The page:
Utility Companies See Rooftop Solar Energy as Business, Grid Threat
July 31, 2013 4:18 PM
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They're trying to slow the adoption of solar energy through lawmakers
Utility companies around the U.S. fear that solar companies and renewable energy incentives will replace traditional electricity.
According to a report from
The New York Times
, utility companies view
rooftop solar energy
as a threat to their traditional business model of providing electricity maintaining the grid.
In fact, some utilities have said that they should've fought the solar "disrupt" and are currently working to push back against government incentives for the renewable energy.
The utility companies' worries may seem a little ridiculous at present, considering rooftop solar energy alone accounts for less than a quarter of 1 percent of the nation’s power generation.
However, incentives around the country aim to expand the use of solar power in a big way. For instance,
California has a system
called net metering, which pays both commercial and residential customers for their excess renewable energy that they sell back to utilities. California pays customers very well through this credit system because the payments are bound to daytime retail rates that customers pay for electricity -- such as utility costs to maintain the grid.
reports that from 2010 to 2012, the amount of solar installed each year has increased by 160 percent.
At present, 43 states, the District of Columbia and four territories offer incentives for renewable energy in some form or another.
Solar proponents add that solar customers deserve payment and incentives for their efforts because making more power closer to where it is used (when resold to local utility companies) can alleviate stress on the grid -- making it reliable. It also helps utilities by relieving them from having to build infrastructure and sizable generators.
However, utility companies feel differently. Their argument is that
, at some point, may stop paying for electricity, which means they also stop paying for the grid. This shifts the costs to other non-solar customers.
According to California's three major utility companies, they could lose as much as $1.4 billion in annual revenue to solar customers when the state's subsidy program fills up to full capacity. This means that about 7.6 million non-soalr customers would have to make up for that, paying as much as $185 per year each.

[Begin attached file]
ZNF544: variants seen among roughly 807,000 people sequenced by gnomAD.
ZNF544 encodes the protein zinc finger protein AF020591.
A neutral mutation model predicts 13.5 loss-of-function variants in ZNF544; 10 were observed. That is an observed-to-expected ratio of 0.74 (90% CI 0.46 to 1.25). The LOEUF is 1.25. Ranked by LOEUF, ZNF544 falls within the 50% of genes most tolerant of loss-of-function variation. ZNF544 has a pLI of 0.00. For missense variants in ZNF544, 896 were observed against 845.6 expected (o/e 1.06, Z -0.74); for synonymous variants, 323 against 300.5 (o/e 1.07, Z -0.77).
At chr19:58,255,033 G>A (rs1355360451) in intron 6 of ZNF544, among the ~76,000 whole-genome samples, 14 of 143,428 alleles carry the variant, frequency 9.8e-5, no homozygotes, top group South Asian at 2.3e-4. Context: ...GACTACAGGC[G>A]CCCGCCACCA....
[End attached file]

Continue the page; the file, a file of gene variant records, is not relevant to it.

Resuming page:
This leads to something utility companies call the "death spiral." This refers to the costs being shifted to non-solar customers, and because of this burden, they switch to solar-powered rooftops -- making utility companies' troubles even worse.
For that reason, utilities have requested that lawmakers limit those who can participate in such programs, including net metering.
Some utility companies are adding rooftop solar to their services, such as Dominion in Virginia. But not all are willing to adapt, and while solar still only amounts to a small percentage of power generation in the U.S., it seems utilities are looking to prevent the renewable energy emergence from spreading.
The New York Times
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Corporatism versus Capitalism
8/1/2013 3:03:40 PM
This is a perfect example of how Corporatism (companies working with or paying off government for their own benefit) is taking over world wide. They already have a massive grip in Europe, they have been the real power behind Russia since the wall fell, and now they're expanding their grasp in previously untouchable US... all thanks to a money hungry socialist president who loves pitting both sides against each other, then walks away laughing as he takes off for another round of golf.
Yet in a proper Capitalist system that we used to have, the utility companies would adjust their system and start working their way into what the people are buying, not prevent them from buying it. Or they would research and find something bigger and better for the people to buy.
If they really wanted to work within the Capitalist system, they would hire people and offer solar or wind installation (depending on the location), and just have the customer pay them some formula that combines the average usages over the past year or two and the cost of installation. In my area (on my 2000 sq ft house in north FL) it could work out to around $150 per month for 6-8 years (after which they pay only for what they use from the grid). If they play their card right, they could set the agreement so when a customer gives more to the grid than they take, they pay or are paid $0. If they take more from the grid than they make, then they get a monthly bill. They could likely also add the option that for $50 per month, the power company can maintain the solar system.
This way when there is excess, it is used in the grid, and when the house needs more, it is taken from the grid. In the end they are getting miles and miles of essentially free power and the people are more or less just paying for the solar panel system itself on a payment plan.
"My sex life is pretty good" -- Steve Jobs' random musings during the 2010 D8 conference
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